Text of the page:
ARLINGTON, TX – Back in July we reported on Rosa Esparza, the 54-year-old grandmother who was killed after being thrown from a Six Flags roller coaster.
The family eventually sued Six Flags, the suit revealing some gruesome details regarding Esparza’s death. Now a 20-page police report by the Arlington Police Department reveals that the ride operator didn’t think that Esparza’s safety bar was secured correctly.
On July 19, Esparza was at Six Flags over Texas with her daughter, son-in-law, and two grandchildren. It was her first time at the theme park, and her first time riding one the park’s signature attractions – the Texas Giant. This wooden coaster has one of the steepest drops in the world for a wooden roller coaster, yet didn’t include seat belts or shoulder harnesses for the rider.
At the time, the only thing holding your ass in the seat was a T-bar mechanism that locks over your lap. Despite her size and shape, Esparza met all the qualifications needed to ride the coaster as evident by the ride operators letting her on in the first place.
Esparza was seated in the front seat of the second car, while her daughter and son-in-law sat in the two rear seats of the first car. Before the ride started, one of the employees went around and checked all of the safety bars to ensure they were locked. The employee would later tell police they remembered thinking the restraint was not all the way down on Esparza’s lap, but the ride’s computer registered it as locked.
With the computer alerting the ride operator everything was ready to go, and that the safety bars were locked in place, an all clear was given and the ride began. It was during the coaster’s first big descent that Esparza’s daughter realized something was really, really wrong.
Hearing screams from behind her, Esparza’s daughter turned around to see her mother upside-down in her seat. Her head was almost in the floor with her legs sticking straight up in the air. Her daughter could do nothing but watch in horror as her mother tried desperately to hold on to the safety bar before the twists and turns of the coaster shook her loose.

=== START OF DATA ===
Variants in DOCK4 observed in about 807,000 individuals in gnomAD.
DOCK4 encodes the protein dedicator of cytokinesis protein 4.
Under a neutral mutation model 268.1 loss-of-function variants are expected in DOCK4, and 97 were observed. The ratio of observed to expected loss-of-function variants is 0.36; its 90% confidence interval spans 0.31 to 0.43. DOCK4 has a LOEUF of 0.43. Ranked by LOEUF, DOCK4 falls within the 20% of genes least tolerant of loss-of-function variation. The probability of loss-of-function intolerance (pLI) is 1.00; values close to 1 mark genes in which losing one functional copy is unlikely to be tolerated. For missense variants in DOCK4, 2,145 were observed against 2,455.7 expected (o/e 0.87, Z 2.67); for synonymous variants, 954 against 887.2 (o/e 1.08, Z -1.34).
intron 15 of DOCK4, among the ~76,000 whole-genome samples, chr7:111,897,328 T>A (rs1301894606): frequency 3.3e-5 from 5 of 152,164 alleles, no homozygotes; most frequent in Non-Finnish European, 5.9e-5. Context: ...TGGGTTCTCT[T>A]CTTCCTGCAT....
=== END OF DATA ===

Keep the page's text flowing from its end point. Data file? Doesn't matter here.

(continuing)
Esparza ended up hitting one of the coaster’s support beams before being catapulted 75 ft, her body landing on the tin roof covering one of the coaster’s lower tracks. It took firefighters an hour to find her body, which was partially wrapped around a support beam. The report states Esparza’s lower body was on top of the roof and her nearly severed upper body was hanging over the side of the roof.
I’ve included this POV video of the Texas Giant, just so you can get a better feel for the ride. A ride that looks awesome, btw.
The family’s lawsuit was announced on the same day Six Flags announced the re-opening of the Texas Giant, which had remained closed since Esparza’s death. The suit claims park operators were negligent in not having an adequate restraint system in place, and are seeking $1 million in damages.
The suit states that inspections performed on the roller coaster after Esparza’s death “showed that various parts of the security systems on the ride were experiencing inconsistencies and intermittent failures.” Basically, they found that the computer would indicate the individual lap bars were locked, although they could all be in varying positions.
The suit also claims that after inspections were completed, a “limit switch” was found to be defective in the very car in which Esparza had been riding, and had to be replaced. The lawsuit names Six Flags Entertainment Corporation, Six Flags Theme Parks, Inc, Texas Flags, Ltd. and Six Flags Over Texas as defendants. You can read the lawsuit here.
Six Flags has denied “each and every” allegation in suit, saying they were not responsible, and that independent contractors were responsible for the passenger restraint system.
“We are heartbroken and will forever feel the pain and sadness of this tragic accident,” said Steve Martindale, president of Six Flags Over Texas. “The safety of our guests and employees is our company’s absolute highest priority and we try to take every reasonable precaution to eliminate the risk of accidents.”
That being said, the Texas Giant re-opened to the public on September 14 – complete with a new set of re-designed restraint-bar pads from the manufacturer and new seat belts. The park also provides a coaster ride seat at the ride’s entrance so potential riders make sure their fat asses can squeeze into the coaster’s new restraint system before getting in line.